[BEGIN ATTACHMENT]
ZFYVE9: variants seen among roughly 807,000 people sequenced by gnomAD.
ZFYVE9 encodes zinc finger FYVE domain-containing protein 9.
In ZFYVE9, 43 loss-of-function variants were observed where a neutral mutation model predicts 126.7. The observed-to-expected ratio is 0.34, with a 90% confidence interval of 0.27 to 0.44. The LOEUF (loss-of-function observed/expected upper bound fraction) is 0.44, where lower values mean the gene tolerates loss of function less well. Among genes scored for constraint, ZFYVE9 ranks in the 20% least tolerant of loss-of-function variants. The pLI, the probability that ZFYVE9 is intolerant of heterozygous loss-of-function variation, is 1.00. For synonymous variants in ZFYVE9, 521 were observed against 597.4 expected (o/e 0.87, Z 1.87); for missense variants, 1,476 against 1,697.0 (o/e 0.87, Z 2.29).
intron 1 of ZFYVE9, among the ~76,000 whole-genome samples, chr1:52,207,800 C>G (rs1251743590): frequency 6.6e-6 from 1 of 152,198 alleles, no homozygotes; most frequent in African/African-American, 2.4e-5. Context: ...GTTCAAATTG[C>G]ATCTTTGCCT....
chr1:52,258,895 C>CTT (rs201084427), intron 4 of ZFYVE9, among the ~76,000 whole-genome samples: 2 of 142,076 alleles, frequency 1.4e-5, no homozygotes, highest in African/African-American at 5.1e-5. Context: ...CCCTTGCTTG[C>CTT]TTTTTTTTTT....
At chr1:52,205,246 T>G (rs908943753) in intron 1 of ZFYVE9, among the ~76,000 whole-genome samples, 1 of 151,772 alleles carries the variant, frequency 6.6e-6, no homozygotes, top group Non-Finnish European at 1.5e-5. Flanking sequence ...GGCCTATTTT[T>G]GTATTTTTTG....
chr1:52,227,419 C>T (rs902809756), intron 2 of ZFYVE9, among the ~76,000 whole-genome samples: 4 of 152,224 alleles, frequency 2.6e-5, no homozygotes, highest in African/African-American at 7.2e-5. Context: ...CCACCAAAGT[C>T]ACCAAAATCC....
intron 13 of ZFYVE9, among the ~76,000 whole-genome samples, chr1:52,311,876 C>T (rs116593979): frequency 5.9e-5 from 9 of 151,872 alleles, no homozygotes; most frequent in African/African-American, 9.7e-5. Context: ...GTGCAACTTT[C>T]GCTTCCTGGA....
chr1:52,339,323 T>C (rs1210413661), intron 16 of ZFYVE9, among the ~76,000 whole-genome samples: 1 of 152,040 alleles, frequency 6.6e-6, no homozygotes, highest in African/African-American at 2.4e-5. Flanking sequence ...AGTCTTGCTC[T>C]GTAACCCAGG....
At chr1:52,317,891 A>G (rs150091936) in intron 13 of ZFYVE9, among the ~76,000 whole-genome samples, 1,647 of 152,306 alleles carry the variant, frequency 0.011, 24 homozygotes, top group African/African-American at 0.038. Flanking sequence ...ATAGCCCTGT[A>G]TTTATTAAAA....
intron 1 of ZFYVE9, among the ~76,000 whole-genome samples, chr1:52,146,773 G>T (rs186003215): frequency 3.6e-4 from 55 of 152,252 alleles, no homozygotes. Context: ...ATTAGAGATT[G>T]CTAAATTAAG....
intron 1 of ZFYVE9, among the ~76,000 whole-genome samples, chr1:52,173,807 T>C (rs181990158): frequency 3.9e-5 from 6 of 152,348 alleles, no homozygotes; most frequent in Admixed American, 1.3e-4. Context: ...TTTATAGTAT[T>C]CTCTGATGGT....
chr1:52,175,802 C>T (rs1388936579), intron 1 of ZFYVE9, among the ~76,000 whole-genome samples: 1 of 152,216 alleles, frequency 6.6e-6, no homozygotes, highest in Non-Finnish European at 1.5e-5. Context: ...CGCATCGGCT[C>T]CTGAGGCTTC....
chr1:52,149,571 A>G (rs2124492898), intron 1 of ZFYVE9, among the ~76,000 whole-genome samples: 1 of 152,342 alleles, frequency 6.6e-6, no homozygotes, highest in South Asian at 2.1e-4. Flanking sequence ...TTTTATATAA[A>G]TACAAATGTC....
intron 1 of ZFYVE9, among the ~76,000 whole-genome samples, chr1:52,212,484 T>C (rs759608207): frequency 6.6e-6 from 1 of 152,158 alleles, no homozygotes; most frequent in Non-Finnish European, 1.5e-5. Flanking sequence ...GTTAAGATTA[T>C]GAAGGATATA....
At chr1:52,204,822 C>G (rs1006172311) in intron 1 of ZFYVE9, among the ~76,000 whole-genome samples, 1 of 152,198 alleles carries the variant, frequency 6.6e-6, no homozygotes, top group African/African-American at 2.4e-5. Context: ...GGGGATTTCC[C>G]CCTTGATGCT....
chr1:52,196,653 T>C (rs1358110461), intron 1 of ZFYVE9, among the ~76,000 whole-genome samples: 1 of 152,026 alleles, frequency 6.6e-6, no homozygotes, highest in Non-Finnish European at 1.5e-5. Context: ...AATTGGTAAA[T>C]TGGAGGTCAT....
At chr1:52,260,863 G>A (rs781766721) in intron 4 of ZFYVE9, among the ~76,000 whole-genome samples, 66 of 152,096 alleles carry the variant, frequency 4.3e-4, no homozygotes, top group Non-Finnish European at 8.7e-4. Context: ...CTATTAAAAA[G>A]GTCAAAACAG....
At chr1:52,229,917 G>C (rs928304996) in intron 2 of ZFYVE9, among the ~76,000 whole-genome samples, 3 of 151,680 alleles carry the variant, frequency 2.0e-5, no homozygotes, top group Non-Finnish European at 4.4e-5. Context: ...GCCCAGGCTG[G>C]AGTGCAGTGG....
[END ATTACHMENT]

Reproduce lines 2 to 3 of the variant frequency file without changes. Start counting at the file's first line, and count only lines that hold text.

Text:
ZFYVE9 encodes zinc finger FYVE domain-containing protein 9.
In ZFYVE9, 43 loss-of-function variants were observed where a neutral mutation model predicts 126.7. The observed-to-expected ratio is 0.34, with a 90% confidence interval of 0.27 to 0.44. The LOEUF (loss-of-function observed/expected upper bound fraction) is 0.44, where lower values mean the gene tolerates loss of function less well. Among genes scored for constraint, ZFYVE9 ranks in the 20% least tolerant of loss-of-function variants. The pLI, the probability that ZFYVE9 is intolerant of heterozygous loss-of-function variation, is 1.00. For synonymous variants in ZFYVE9, 521 were observed against 597.4 expected (o/e 0.87, Z 1.87); for missense variants, 1,476 against 1,697.0 (o/e 0.87, Z 2.29).